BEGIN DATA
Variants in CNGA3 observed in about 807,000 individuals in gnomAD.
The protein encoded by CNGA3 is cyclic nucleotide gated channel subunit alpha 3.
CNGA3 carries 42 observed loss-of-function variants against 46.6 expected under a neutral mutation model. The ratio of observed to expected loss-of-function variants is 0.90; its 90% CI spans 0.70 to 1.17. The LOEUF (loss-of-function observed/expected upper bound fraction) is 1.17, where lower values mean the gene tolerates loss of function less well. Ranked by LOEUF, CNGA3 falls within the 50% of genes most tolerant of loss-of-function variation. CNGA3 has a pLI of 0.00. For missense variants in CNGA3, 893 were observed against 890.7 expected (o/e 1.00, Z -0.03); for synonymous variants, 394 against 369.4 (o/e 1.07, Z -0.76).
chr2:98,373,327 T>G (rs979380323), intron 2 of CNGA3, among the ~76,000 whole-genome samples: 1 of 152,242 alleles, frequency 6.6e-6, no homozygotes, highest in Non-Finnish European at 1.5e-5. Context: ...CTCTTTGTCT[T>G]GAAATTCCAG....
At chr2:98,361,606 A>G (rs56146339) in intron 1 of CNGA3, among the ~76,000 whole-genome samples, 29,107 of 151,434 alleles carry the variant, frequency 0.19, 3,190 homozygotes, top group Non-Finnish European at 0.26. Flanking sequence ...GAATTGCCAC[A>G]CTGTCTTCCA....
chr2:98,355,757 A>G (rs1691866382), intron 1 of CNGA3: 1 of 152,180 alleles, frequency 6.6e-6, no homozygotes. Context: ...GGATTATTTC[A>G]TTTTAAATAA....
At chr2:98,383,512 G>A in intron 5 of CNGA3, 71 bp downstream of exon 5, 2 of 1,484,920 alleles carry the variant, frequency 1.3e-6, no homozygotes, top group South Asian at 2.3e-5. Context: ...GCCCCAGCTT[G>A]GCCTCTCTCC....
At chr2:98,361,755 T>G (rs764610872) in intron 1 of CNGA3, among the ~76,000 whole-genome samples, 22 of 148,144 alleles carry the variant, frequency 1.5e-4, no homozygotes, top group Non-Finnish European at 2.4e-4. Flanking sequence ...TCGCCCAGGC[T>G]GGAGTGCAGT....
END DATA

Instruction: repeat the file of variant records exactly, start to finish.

Variants in CNGA3 observed in about 807,000 individuals in gnomAD.
The protein encoded by CNGA3 is cyclic nucleotide gated channel subunit alpha 3.
CNGA3 carries 42 observed loss-of-function variants against 46.6 expected under a neutral mutation model. The ratio of observed to expected loss-of-function variants is 0.90; its 90% CI spans 0.70 to 1.17. The LOEUF (loss-of-function observed/expected upper bound fraction) is 1.17, where lower values mean the gene tolerates loss of function less well. Ranked by LOEUF, CNGA3 falls within the 50% of genes most tolerant of loss-of-function variation. CNGA3 has a pLI of 0.00. For missense variants in CNGA3, 893 were observed against 890.7 expected (o/e 1.00, Z -0.03); for synonymous variants, 394 against 369.4 (o/e 1.07, Z -0.76).
chr2:98,373,327 T>G (rs979380323), intron 2 of CNGA3, among the ~76,000 whole-genome samples: 1 of 152,242 alleles, frequency 6.6e-6, no homozygotes, highest in Non-Finnish European at 1.5e-5. Context: ...CTCTTTGTCT[T>G]GAAATTCCAG....
At chr2:98,361,606 A>G (rs56146339) in intron 1 of CNGA3, among the ~76,000 whole-genome samples, 29,107 of 151,434 alleles carry the variant, frequency 0.19, 3,190 homozygotes, top group Non-Finnish European at 0.26. Flanking sequence ...GAATTGCCAC[A>G]CTGTCTTCCA....
chr2:98,355,757 A>G (rs1691866382), intron 1 of CNGA3: 1 of 152,180 alleles, frequency 6.6e-6, no homozygotes. Context: ...GGATTATTTC[A>G]TTTTAAATAA....
At chr2:98,383,512 G>A in intron 5 of CNGA3, 71 bp downstream of exon 5, 2 of 1,484,920 alleles carry the variant, frequency 1.3e-6, no homozygotes, top group South Asian at 2.3e-5. Context: ...GCCCCAGCTT[G>A]GCCTCTCTCC....
At chr2:98,361,755 T>G (rs764610872) in intron 1 of CNGA3, among the ~76,000 whole-genome samples, 22 of 148,144 alleles carry the variant, frequency 1.5e-4, no homozygotes, top group Non-Finnish European at 2.4e-4. Flanking sequence ...TCGCCCAGGC[T>G]GGAGTGCAGT....